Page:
It’s no exaggeration to say that Oda Nobunaga is one of the handful of most important and legendary figures in Japanese history. Even so, it’s remarkable the degree to which anime and manga is obsessed with him. I can’t think of another characters that’s been reimagined in so many ways, never mind the shows that more or less deal with him on a historical perspective. In many ways, I think the popular impression of Nobunaga is something like an anime character, so I guess it isn’t all that surprising.
I didn’t have terribly high expectations for either of the Nobunaga shows this season, which is why I didn’t preview them. If anything this one was even further below the radar – it certainly came in as the less hyped of the two, not that that’s predictive. But darn it if Nobunagun didn’t turn out to be considerably more interesting than I expected, especially in the first half.
My first reaction in watching this premiere was “Dansai Bunri no Crime Edge” and sure enough, when I checked the credits Art Director Takahashi Maho filled that role on Crime Edge. There’s a commonality in the sense of style here, and both shows are using mostly unknown actors in the lead roles. I guess if I were to take a stab at describing Nobunagun I’d call it a mix of Symphogear and Crime Edge, with a bit of Sengoku flavor for seasoning. And the result is pretty interesting.
My favorite parts of the episode, more than the plot or the characters themselves, are its manic energy and unusual visual flair. I loved, for example, the way we saw the schoolgirl classmates of lead Ogura Shio (Mutou Shiori) as an easel for animated flowers while Shio herself was shaded in camouflage. Shio herself is likeable enough – an awkward and socially inept girl who’s obsessed with weaponry. I actually found the moments before the shit went town on the class trip to Taiwan and the plot kicked in to be the better part of the episode, but the action sequences – while lot lavishly animated – were drawn with panache and originality.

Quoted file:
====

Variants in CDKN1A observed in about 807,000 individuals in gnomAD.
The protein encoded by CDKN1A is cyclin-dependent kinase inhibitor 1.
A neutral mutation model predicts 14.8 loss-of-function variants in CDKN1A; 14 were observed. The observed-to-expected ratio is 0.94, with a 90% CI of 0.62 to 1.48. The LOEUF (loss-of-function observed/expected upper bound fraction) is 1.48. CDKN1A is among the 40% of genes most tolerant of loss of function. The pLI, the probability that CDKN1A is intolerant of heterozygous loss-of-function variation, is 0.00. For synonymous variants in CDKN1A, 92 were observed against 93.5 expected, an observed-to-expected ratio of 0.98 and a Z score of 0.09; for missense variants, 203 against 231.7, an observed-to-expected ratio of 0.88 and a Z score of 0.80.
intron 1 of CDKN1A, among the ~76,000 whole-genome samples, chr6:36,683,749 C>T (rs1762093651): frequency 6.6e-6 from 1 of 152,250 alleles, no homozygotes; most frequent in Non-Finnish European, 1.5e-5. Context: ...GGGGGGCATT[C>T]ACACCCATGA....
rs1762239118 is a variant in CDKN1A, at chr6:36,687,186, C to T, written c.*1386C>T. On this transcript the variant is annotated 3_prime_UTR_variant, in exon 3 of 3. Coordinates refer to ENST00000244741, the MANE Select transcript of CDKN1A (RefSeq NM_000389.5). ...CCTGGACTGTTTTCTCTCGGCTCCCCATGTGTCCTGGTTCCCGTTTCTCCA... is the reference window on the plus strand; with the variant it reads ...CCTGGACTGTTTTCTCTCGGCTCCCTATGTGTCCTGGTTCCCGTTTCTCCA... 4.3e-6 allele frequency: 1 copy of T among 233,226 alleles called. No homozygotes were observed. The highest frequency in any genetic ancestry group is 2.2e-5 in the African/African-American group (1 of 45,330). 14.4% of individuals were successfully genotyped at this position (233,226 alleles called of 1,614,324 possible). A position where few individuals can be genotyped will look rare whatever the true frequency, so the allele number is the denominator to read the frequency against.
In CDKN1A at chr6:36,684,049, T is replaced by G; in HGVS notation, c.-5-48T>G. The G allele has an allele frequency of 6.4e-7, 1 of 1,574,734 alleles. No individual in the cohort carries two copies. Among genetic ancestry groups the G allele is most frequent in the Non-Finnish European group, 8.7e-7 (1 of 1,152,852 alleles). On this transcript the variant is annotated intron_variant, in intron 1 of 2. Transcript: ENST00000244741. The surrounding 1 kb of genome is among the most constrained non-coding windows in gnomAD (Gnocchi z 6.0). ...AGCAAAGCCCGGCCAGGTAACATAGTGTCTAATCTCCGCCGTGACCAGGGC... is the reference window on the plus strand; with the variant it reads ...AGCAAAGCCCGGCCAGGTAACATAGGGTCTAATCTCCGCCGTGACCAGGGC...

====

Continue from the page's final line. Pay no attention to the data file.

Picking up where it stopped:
The plot is out there – historical figures as “E-Genes” reincarnated as weapons in the bodies of modern humans (so far we’ve seen the likes of Jack the Ripper and Gandhi) fighting off undersea invaders presumably from outer space. This isn’t even the first time we’ve seen Nobunaga reimagined as a cute teenaged girl, but the overall delivery here is stylish and snappy enough to keep me engaged for at least two more episodes. When so many new anime look and feel alike one that’s as singular as Nobunagun deserves a look just for that, but above and beyond that the first episode was pretty entertaining.
Nobunaga the Fool – 01
This is getting downright silly. Not only two Nobunaga premieres on the same day, but they start at the same place and time – Honnou-ji in Kyoto, on the night Oda died when Mitsuhide betrayed him (as history tells it, though not always anime. A seminal moment in Japanese history, no doubt.
That’s where the similarity ends, for me. I didn’t get a lot of enjoyment out of Nobunaga the Fool, which came off as ponderous and silly. There’s good silly and bad silly, mind you, but for me this is bad silly. To be honest I’d pretty much shut down before the interminable introductory exposition had finished droning on and on.
No doubt, this is the more hyped of the Nobunaga series. A cast full of huge names, most of whom are very good actors (though not all). And of course a story created by Kawamori Shouji, one of the biggest names in anime. As a mecha designer I’m OK with Kawamori but I won’t pretend I like him as a writer – “ponderous and silly” is pretty much his stock and trade. This episode was, for me, full of the same sense of bloated pretension that characterizes much of Kawamori’s work. It’s not a face of anime I especially like, and Nobunaga the Fool is no exception.
I won’t say this premiere was excruciatingly bad, though when you get Kaji Yuuki as Hideyoshi you know you’re in trouble. But it was a real snooze for me, and falls short of Nobunagun on almost every level – premise, cinematography, background art, characters. The only pleasure here, really, is hearing some of the big boys like Mamoru Miyano and Sugita Tomokazu ham it up, but this is certainly nothing exceptional by their exceptional standards. No three-episode rule for me on this one.